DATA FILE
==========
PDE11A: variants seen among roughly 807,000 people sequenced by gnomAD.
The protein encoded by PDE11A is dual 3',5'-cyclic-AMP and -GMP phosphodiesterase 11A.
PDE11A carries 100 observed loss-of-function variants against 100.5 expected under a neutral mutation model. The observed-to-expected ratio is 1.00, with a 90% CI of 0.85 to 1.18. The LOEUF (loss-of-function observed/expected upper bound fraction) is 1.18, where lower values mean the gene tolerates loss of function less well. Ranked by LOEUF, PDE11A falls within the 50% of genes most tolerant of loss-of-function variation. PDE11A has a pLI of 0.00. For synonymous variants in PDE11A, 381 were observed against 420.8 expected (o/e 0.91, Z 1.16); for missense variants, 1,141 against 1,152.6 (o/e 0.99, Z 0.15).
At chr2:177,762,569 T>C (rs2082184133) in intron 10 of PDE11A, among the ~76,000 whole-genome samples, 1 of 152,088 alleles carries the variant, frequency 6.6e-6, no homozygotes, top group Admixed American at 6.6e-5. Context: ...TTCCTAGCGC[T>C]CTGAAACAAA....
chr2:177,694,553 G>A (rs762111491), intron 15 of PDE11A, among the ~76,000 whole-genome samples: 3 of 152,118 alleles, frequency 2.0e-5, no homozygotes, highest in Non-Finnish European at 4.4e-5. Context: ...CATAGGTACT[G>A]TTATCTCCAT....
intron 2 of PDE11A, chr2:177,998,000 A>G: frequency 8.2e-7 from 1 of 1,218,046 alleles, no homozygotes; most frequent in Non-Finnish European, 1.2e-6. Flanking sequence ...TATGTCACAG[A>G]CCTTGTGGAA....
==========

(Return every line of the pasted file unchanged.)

PDE11A: variants seen among roughly 807,000 people sequenced by gnomAD.
The protein encoded by PDE11A is dual 3',5'-cyclic-AMP and -GMP phosphodiesterase 11A.
PDE11A carries 100 observed loss-of-function variants against 100.5 expected under a neutral mutation model. The observed-to-expected ratio is 1.00, with a 90% CI of 0.85 to 1.18. The LOEUF (loss-of-function observed/expected upper bound fraction) is 1.18, where lower values mean the gene tolerates loss of function less well. Ranked by LOEUF, PDE11A falls within the 50% of genes most tolerant of loss-of-function variation. PDE11A has a pLI of 0.00. For synonymous variants in PDE11A, 381 were observed against 420.8 expected (o/e 0.91, Z 1.16); for missense variants, 1,141 against 1,152.6 (o/e 0.99, Z 0.15).
At chr2:177,762,569 T>C (rs2082184133) in intron 10 of PDE11A, among the ~76,000 whole-genome samples, 1 of 152,088 alleles carries the variant, frequency 6.6e-6, no homozygotes, top group Admixed American at 6.6e-5. Context: ...TTCCTAGCGC[T>C]CTGAAACAAA....
chr2:177,694,553 G>A (rs762111491), intron 15 of PDE11A, among the ~76,000 whole-genome samples: 3 of 152,118 alleles, frequency 2.0e-5, no homozygotes, highest in Non-Finnish European at 4.4e-5. Context: ...CATAGGTACT[G>A]TTATCTCCAT....
intron 2 of PDE11A, chr2:177,998,000 A>G: frequency 8.2e-7 from 1 of 1,218,046 alleles, no homozygotes; most frequent in Non-Finnish European, 1.2e-6. Flanking sequence ...TATGTCACAG[A>G]CCTTGTGGAA....